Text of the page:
“You would go online, get a password and then an address comes to your email for where you need to go on a given Saturday night,” Palazzo said. “It was usually a warehouse in deep Brooklyn, somewhere non-descript. But 300 or 400 people in their 20 and 30s would come out dressed like it was the ‘20s. When you walk in, these places would be decked out like a nightclub. There was burlesque, cocktails, the whole nine yards. We kind of cut our teeth by discovering this circuit. Eventually, other people came to these underground events, like Lincoln Center, for instance. So, really, our reputation and our opportunities flowed from that.”

Flash forward to late 2014. Balancing residencies in such noted New York venues as Joe’s Pub with international touring, the band released The Hot Sardines, an album on Decca/Universal boasting classic jazz works by Fats Waller (Honeysuckle Rose), Sidney Bechet (Petite Fleur) and Victor Young (I Don’t Stand a Ghost of a Chance with You) as well as similarly structured originals (the Bougerol tunes Wake Up in Paris and Let’s Go.

“Elizabeth always says we’re old souls. I don’t know if that’s true. But I do know my parents and her parents played this music for us in our formative years, so it definitely formed our understanding of music from the get-go.

“Now here we are with a lifelong hobby that has turned professional. Every night we get to have the greatest party with a great group of people. It’s a very social music with a real romantic sense to it, too, that may be a little bit lacking in music today.

“I see a lot of couples coming out and it’s always the same scene. The ladies are into the whole thing – the outfits, the fishnet stockings – and they’re dragging along their guys who are usually just wearing their business suits with maybe a fedora. But by the time the night’s over, they think it’s pretty awesome. All of that draws me to this music.”

The Hot Sardines perform at 7:30 tonight at the EKU Center for the Arts, 521 Lancaster Ave. in Richmond. Tickets are $20. Call (859) 622-7469 or go to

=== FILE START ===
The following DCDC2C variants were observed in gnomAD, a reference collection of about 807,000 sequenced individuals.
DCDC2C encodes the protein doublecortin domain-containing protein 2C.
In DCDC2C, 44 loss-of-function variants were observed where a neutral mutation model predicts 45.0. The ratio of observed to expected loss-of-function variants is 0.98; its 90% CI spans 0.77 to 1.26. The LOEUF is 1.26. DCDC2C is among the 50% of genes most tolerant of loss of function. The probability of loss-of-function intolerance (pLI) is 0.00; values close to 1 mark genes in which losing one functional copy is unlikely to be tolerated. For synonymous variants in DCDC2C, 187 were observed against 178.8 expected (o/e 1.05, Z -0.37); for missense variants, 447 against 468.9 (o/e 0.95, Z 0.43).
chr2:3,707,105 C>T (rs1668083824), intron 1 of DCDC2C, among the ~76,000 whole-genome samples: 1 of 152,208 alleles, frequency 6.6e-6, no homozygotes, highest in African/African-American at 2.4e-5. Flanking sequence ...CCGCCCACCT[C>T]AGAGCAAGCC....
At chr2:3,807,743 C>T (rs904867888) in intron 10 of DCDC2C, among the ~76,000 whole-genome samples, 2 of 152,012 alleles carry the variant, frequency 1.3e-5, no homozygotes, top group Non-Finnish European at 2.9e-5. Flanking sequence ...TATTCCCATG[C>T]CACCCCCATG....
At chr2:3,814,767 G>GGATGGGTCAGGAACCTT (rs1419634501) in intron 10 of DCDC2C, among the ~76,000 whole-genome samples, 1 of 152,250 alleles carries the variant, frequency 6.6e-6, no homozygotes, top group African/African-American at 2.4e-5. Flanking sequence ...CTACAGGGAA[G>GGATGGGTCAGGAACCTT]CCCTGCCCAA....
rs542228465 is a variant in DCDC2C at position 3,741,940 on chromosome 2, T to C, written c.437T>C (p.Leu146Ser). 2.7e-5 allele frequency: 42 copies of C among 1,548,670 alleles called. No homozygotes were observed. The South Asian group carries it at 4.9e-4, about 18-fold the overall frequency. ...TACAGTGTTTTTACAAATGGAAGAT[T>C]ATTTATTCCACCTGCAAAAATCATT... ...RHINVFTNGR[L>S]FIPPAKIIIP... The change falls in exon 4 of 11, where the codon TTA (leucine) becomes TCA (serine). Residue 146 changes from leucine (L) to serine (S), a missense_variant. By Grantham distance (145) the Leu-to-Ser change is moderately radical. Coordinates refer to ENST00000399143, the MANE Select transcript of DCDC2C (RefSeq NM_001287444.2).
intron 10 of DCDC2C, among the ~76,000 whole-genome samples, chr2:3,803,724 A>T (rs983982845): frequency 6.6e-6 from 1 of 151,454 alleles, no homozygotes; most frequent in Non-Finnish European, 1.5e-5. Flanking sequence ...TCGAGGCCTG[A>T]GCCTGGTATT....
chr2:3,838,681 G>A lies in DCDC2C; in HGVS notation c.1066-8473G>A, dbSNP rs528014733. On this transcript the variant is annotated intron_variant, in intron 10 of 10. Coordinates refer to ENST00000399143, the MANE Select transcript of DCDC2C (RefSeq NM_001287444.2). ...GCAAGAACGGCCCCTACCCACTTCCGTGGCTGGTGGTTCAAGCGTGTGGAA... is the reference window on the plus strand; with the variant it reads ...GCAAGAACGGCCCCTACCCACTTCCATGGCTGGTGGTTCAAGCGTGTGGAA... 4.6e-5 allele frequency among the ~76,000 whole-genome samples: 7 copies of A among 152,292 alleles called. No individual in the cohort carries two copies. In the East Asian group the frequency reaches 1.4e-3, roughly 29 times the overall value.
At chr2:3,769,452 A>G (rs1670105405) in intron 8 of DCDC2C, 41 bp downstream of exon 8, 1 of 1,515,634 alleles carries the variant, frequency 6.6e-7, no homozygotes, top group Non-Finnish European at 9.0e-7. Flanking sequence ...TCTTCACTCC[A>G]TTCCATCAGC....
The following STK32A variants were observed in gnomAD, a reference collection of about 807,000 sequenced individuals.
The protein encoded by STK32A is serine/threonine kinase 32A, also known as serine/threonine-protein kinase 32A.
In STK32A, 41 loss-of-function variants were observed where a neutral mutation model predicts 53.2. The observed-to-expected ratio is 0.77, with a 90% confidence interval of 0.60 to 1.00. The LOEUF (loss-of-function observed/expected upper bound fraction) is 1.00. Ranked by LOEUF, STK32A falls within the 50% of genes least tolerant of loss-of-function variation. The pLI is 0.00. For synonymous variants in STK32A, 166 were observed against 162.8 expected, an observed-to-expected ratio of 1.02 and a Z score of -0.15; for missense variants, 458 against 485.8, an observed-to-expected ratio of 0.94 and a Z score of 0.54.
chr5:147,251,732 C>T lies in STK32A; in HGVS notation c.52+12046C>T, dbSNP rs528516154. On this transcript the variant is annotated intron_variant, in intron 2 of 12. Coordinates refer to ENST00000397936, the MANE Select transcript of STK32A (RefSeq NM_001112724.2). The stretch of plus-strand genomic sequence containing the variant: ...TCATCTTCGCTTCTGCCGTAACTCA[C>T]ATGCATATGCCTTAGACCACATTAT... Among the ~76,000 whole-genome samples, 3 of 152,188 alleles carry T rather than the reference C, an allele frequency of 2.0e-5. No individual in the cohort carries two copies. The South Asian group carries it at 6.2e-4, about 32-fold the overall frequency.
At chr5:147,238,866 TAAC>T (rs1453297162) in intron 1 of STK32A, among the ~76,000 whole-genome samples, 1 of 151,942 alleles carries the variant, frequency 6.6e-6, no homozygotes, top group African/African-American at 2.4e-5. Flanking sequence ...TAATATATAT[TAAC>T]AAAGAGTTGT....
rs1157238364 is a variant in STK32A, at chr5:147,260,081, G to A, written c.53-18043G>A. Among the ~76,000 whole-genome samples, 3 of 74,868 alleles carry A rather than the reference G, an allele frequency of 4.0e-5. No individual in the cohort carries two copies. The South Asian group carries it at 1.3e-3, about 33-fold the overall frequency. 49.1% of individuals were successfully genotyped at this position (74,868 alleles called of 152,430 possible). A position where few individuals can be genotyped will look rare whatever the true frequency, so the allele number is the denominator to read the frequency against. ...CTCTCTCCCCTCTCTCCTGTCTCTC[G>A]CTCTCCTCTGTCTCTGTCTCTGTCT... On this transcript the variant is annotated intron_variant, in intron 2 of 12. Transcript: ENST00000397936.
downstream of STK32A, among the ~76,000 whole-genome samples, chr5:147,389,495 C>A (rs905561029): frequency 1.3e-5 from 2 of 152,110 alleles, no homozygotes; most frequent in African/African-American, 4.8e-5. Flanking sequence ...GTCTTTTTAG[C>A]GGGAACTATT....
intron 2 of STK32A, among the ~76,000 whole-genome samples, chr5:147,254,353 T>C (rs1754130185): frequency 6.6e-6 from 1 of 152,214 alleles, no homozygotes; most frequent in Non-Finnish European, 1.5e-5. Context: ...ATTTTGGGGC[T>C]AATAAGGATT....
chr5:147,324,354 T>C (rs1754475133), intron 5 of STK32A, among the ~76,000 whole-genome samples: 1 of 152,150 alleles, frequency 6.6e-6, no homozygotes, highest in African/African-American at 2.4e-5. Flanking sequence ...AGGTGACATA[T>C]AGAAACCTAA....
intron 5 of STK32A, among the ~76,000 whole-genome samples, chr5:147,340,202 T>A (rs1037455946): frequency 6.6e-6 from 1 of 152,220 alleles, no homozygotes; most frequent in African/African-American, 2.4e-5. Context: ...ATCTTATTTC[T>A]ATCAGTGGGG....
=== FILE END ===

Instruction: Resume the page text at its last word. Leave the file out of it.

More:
critic’s pick 263 : the mavericks, ‘mono’

mavericks monoNeed a shot of warmth, soul and cheer after the winter assault of recent weeks? Then slip on Mono, the fabulous new album from the Mavericks, and proceed directly to track no. 2 – a ballroom-sized party piece called Summertime (When I’m With You). Percolating with a groove that falls somewhere Cuban pop and Jamaican ska, the song comes fortified with summery brass, the towering vocals of Raul Malo and a spring-like attitude that shines so brilliantly that ol’ man winter has no choice but to scram.

Perhaps not coincidentally, Mono finds the Mavericks having braved some turbulence of their own. The record is the band’s first release without founding bassist Robert Reynolds who was let go last year because of an opiate addiction. Interviews with Malo and the other band members stress the firing was difficult and painful for all involved. While its aftermath is never directly felt in the 11 songs Malo wrote or co-wrote for Mono, one may sense an echo of the split in the lyrics to Let It Rain (“Oh, let it rain, so it can wash away sorrows and pains”) and especially Out the Door (“The cards are on the table, the deal is up and gone”). But even in these instances, the warmth and elegance of the music override any dour sentiments, from the light guitar and accordion sway that dances under Malo’s Roy Orbison-like singing on the former tune to the finger-popping drive that recalls vintage Dwight Yoakam on Out the Door.

The latter reference is one of the few country accents on Mono. Though the Mavericks began life as a country outfit, the reliance on Malo’s Cuban roots, encyclopedic pop command and colossus voice long ago gave a global cast to the band’s music. Mono stays the course.

The opening All Night Long boasts a huge Havana strut indicative of Marc Anthony (save for the fact Malo is by far the stronger singer), Fascinate Me stands as a sterling slo-mo crooner and the closing cover of Doug Sahm’s Nitty Gritty (the only non-Malo tune on Mono) swaps cultures in favor of champion Tex Mex fun and some suitably spicy guitar fire and Augie Meyers-inspired keyboard colorings from Eddie Perez and Jerry Dale McFadden.

But the crescendo of Mono (and, yes, the entire album was recorded gloriously in exactly that) comes with (Waiting for) The World to End, a cleverly astute view of mortality (“Just live your life until you die, my friend”) set to an unavoidably infectious groove beset by brass and piano.

It’s a fitting highlight. Having survived a split with one of their own, the Mavericks make the apocalypse sound and seem like a veritable day at the beach. What could be a better respite from winter than that?